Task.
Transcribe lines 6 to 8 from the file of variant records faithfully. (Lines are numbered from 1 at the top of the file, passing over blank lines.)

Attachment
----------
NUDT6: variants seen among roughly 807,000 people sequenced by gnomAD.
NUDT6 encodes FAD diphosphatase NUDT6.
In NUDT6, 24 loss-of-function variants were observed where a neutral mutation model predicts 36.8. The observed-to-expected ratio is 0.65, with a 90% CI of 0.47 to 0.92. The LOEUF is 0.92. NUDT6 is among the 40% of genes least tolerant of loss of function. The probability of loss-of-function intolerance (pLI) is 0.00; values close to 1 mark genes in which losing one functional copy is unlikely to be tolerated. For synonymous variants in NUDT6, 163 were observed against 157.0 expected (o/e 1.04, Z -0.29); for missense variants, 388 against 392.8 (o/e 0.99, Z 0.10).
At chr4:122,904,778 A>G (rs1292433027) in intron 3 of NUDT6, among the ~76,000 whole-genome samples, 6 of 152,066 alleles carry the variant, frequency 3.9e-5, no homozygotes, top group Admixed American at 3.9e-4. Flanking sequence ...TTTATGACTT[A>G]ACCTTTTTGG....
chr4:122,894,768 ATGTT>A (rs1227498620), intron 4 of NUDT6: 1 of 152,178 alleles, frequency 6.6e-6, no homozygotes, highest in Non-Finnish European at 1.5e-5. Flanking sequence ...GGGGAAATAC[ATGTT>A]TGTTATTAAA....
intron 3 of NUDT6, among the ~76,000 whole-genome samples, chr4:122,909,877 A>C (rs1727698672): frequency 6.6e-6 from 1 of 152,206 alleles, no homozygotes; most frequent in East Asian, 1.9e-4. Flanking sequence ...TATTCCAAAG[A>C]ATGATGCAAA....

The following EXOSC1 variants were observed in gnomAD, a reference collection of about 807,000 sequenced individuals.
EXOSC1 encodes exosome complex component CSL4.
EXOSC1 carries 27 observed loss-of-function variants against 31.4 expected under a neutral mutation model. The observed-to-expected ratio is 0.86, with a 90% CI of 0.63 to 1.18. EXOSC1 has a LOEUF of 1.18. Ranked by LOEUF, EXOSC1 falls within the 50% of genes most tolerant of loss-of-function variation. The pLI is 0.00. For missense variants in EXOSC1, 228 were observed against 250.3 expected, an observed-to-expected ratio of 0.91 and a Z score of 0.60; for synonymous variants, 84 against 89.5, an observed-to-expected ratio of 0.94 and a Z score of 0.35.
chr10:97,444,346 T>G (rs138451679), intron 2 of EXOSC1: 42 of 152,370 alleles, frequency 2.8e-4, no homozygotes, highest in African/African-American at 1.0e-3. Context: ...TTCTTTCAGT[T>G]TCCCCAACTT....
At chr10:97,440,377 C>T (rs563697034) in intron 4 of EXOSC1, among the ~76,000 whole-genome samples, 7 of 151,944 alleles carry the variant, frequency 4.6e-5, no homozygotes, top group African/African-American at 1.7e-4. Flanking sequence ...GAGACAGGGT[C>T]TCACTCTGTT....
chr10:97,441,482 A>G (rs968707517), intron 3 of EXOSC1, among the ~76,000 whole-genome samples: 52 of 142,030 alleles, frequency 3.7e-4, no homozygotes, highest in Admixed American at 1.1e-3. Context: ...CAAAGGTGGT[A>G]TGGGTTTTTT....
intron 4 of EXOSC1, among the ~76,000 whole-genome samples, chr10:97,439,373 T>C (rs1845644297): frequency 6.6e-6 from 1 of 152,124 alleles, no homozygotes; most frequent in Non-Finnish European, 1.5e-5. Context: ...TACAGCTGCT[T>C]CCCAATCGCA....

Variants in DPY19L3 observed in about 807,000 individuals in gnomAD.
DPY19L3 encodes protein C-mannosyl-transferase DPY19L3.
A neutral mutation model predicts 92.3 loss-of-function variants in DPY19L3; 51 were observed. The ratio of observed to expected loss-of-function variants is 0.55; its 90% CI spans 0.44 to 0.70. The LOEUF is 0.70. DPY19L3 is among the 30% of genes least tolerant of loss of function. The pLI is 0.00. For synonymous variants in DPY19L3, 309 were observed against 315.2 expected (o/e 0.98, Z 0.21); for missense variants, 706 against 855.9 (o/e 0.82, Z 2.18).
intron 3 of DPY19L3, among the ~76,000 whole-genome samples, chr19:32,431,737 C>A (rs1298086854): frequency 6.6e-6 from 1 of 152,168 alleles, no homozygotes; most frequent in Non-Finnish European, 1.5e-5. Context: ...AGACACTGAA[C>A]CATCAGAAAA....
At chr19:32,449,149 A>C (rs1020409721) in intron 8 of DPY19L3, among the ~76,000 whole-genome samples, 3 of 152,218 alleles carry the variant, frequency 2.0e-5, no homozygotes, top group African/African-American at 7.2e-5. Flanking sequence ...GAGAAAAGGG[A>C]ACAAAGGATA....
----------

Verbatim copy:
intron 3 of NUDT6, among the ~76,000 whole-genome samples, chr4:122,909,877 A>C (rs1727698672): frequency 6.6e-6 from 1 of 152,206 alleles, no homozygotes; most frequent in East Asian, 1.9e-4. Flanking sequence ...TATTCCAAAG[A>C]ATGATGCAAA....

The following EXOSC1 variants were observed in gnomAD, a reference collection of about 807,000 sequenced individuals.
EXOSC1 encodes exosome complex component CSL4.